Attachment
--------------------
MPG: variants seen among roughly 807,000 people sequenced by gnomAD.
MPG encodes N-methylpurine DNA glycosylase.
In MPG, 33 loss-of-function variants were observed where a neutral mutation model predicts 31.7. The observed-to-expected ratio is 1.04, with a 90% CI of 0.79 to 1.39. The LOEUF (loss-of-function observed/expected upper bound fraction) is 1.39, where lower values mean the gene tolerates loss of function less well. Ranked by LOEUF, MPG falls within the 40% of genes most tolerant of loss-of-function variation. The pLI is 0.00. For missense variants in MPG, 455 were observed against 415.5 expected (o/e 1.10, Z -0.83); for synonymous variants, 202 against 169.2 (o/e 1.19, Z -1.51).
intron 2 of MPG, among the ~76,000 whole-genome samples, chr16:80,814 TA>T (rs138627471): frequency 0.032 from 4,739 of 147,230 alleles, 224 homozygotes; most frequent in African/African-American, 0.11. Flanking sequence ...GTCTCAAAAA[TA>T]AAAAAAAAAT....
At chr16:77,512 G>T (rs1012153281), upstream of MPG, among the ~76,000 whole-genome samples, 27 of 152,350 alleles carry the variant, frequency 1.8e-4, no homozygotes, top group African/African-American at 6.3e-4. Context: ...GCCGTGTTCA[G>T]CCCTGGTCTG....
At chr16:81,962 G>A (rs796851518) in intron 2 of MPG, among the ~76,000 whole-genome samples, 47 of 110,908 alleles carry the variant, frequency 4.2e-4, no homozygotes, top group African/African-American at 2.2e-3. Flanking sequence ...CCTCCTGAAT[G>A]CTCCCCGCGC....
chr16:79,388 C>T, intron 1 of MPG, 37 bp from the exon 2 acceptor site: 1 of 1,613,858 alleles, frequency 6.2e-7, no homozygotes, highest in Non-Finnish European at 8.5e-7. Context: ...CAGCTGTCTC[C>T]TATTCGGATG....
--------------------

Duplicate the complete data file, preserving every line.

MPG: variants seen among roughly 807,000 people sequenced by gnomAD.
MPG encodes N-methylpurine DNA glycosylase.
In MPG, 33 loss-of-function variants were observed where a neutral mutation model predicts 31.7. The observed-to-expected ratio is 1.04, with a 90% CI of 0.79 to 1.39. The LOEUF (loss-of-function observed/expected upper bound fraction) is 1.39, where lower values mean the gene tolerates loss of function less well. Ranked by LOEUF, MPG falls within the 40% of genes most tolerant of loss-of-function variation. The pLI is 0.00. For missense variants in MPG, 455 were observed against 415.5 expected (o/e 1.10, Z -0.83); for synonymous variants, 202 against 169.2 (o/e 1.19, Z -1.51).
intron 2 of MPG, among the ~76,000 whole-genome samples, chr16:80,814 TA>T (rs138627471): frequency 0.032 from 4,739 of 147,230 alleles, 224 homozygotes; most frequent in African/African-American, 0.11. Flanking sequence ...GTCTCAAAAA[TA>T]AAAAAAAAAT....
At chr16:77,512 G>T (rs1012153281), upstream of MPG, among the ~76,000 whole-genome samples, 27 of 152,350 alleles carry the variant, frequency 1.8e-4, no homozygotes, top group African/African-American at 6.3e-4. Context: ...GCCGTGTTCA[G>T]CCCTGGTCTG....
At chr16:81,962 G>A (rs796851518) in intron 2 of MPG, among the ~76,000 whole-genome samples, 47 of 110,908 alleles carry the variant, frequency 4.2e-4, no homozygotes, top group African/African-American at 2.2e-3. Flanking sequence ...CCTCCTGAAT[G>A]CTCCCCGCGC....
chr16:79,388 C>T, intron 1 of MPG, 37 bp from the exon 2 acceptor site: 1 of 1,613,858 alleles, frequency 6.2e-7, no homozygotes, highest in Non-Finnish European at 8.5e-7. Context: ...CAGCTGTCTC[C>T]TATTCGGATG....